LONDON — Whatever Andy Murray does, whatever he has accomplished, he can’t escape pressure. It’s nothing new, of course, as the Briton carries the hopes of an entire nation.
Then there’s American Sam Querrey. You’d think he’d feel a similar burden, considering his country hasn’t produced a male Grand Slam winner for almost 14 years.
It’s a strange contrast, because in the same period, Murray has delivered everything that could have reasonably been asked of him by the most patriotic of sports fans — and more. He’s twice won Wimbledon and Olympic gold, delivered the Davis Cup and became world No. 1, with a US Open title to boot.
“The Big Four have wiped out quite a few generations,” Gilbert said. “America has had great history, but we are not at that level right now. Hopefully, we will get there.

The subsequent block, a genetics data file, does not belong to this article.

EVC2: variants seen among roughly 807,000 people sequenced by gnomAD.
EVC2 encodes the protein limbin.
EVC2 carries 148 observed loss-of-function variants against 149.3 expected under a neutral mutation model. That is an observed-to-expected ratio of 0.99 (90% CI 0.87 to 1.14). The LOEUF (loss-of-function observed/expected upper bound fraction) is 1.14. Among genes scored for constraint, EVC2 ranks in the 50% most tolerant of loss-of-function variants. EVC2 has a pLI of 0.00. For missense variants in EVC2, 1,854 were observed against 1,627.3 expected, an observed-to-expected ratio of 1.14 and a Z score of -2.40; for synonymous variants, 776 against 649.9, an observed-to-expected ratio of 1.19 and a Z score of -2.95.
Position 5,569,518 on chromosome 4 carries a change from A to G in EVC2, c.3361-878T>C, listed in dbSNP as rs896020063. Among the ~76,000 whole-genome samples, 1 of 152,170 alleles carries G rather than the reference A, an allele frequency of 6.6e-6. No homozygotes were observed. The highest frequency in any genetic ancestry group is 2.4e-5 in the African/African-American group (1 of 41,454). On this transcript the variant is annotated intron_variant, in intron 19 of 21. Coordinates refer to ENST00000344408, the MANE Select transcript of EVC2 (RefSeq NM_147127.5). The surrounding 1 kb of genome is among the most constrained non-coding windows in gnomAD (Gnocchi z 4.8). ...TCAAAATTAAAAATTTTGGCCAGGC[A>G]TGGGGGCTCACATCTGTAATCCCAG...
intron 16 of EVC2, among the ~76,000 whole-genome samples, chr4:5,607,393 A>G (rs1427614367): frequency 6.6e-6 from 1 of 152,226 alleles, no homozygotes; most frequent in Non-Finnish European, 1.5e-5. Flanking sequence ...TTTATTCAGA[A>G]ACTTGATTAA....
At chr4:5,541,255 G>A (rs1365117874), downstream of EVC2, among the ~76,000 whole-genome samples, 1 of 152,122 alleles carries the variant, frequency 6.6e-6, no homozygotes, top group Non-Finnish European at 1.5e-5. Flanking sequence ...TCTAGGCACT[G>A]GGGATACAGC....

“We keep thinking Roger Federer should be from Los Angeles. He plays like an American, but he’s Swiss and tennis is a global sport. We’re fans and we root for Rafael Nadal and Fed, and watch these guys because we are so used to not being in the latter stages of tournaments.
“I’m sure a lot of Americans would love to see a Serena on the men’s side, or another Agassi on the men’s side in their lifetime.”
But Gilbert isn’t optimistic, going as far as predicting Murray would enjoy his matchup with Querrey if Murray is moving freely.
With Nadal out of the tournament, the expectations are even greater for Murray. But it’s not like he hasn’t aced that pressure many times before.